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Heart Rate: The number of times the Heart ventricles contract per unit of time, usually per minute.

Physiology of the Circulatory System- Concept

JoVE 10625


Conditions in the external environment of an organism can change rapidly and drastically. To survive, organisms must maintain a fairly constant internal environment, which involves continuous regulation of temperature, pH, and other factors. This balanced state is known as homeostasis, which describes the processes by which organisms maintain their optimal internal…

 Lab Bio

Physiological Correlates of Emotion Recognition

JoVE 10297

Source: Laboratories of Jonas T. Kaplan and Sarah I. Gimbel—University of Southern California

The autonomic nervous system (ANS) controls the activity of the body's internal organs and regulates changes in their activity depending on the current environment. The vagus nerve, which innervates many of the internal organs, is an…


Measuring Vital Signs

JoVE 10107

Source: Meghan Fashjian, ACNP-BC, Beth Israel Deaconess Medical Center, Boston MA

The vital signs are objective measurements of a patient's clinical status. There are five commonly accepted vital signs: blood pressure, heart rate, temperature, respiratory rate, and oxygen saturation. In many practices, pain is…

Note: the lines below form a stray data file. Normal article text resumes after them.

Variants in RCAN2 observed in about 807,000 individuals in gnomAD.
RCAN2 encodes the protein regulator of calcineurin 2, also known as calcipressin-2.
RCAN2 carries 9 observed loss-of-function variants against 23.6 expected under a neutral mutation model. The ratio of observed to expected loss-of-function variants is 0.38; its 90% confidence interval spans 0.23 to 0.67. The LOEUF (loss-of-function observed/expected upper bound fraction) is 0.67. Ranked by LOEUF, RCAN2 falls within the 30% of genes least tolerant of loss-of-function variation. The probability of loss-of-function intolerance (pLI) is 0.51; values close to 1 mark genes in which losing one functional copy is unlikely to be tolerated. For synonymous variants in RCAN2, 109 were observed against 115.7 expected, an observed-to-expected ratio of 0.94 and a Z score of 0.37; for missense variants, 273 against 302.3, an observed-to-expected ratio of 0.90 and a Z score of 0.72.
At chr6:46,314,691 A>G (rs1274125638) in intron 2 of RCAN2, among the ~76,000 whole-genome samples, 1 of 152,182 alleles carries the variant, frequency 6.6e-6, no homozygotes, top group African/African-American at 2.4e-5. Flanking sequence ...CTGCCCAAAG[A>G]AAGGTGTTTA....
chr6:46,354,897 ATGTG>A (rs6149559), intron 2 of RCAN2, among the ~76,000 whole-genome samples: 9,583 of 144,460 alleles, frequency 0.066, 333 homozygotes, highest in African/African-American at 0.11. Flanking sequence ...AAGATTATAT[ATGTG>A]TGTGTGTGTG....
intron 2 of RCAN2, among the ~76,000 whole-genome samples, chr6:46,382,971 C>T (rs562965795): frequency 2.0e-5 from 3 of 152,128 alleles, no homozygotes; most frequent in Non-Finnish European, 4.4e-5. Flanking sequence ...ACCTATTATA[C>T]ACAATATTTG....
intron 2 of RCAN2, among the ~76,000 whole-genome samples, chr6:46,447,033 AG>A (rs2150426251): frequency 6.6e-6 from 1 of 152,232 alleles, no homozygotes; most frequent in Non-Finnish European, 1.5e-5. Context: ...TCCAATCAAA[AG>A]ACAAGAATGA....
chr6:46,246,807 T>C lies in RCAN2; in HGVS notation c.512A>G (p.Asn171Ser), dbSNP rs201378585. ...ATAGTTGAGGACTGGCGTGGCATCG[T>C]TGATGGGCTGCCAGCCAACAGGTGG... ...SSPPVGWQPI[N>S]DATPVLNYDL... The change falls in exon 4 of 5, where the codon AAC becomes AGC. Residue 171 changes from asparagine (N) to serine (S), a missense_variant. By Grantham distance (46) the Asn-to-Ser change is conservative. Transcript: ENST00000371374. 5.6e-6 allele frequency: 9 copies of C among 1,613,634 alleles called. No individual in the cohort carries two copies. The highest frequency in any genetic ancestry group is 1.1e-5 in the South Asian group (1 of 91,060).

Physical Examinations I

The Parasympathetic Nervous System

JoVE 10839

The parasympathetic nervous system is one of the two major divisions of the autonomic nervous system. This parasympathetic system is responsible for regulating many unconscious functions, such as heart rate and digestion. It is composed of neurons located in both the brain and the peripheral nervous system that send their axons to target muscles, organs, and glands.

Activation of the parasympathetic system tends to have a relaxing effect on the body, promoting functions that replenish resources and restore homeostasis. It is therefore sometimes referred to as the “rest and digest” system. The parasympathetic system predominates during calm times when it is safe to devote resources to basic “housekeeping” functions without a threat of attack or harm. The parasympathetic nervous system can be activated by various parts of the brain, including the hypothalamus. Preganglionic neurons in the brainstem and sacral part of the spinal cord first send their axons out to ganglia—clusters of neuronal cell bodies—in the peripheral nervous system. These ganglia contain the connections between pre- and postganglionic neurons and are located near the organs or glands that they control. From here, postganglionic neurons send their axons onto target tissues—generally smooth muscle, cardiac muscle, or glands. Typic

 Core: Biology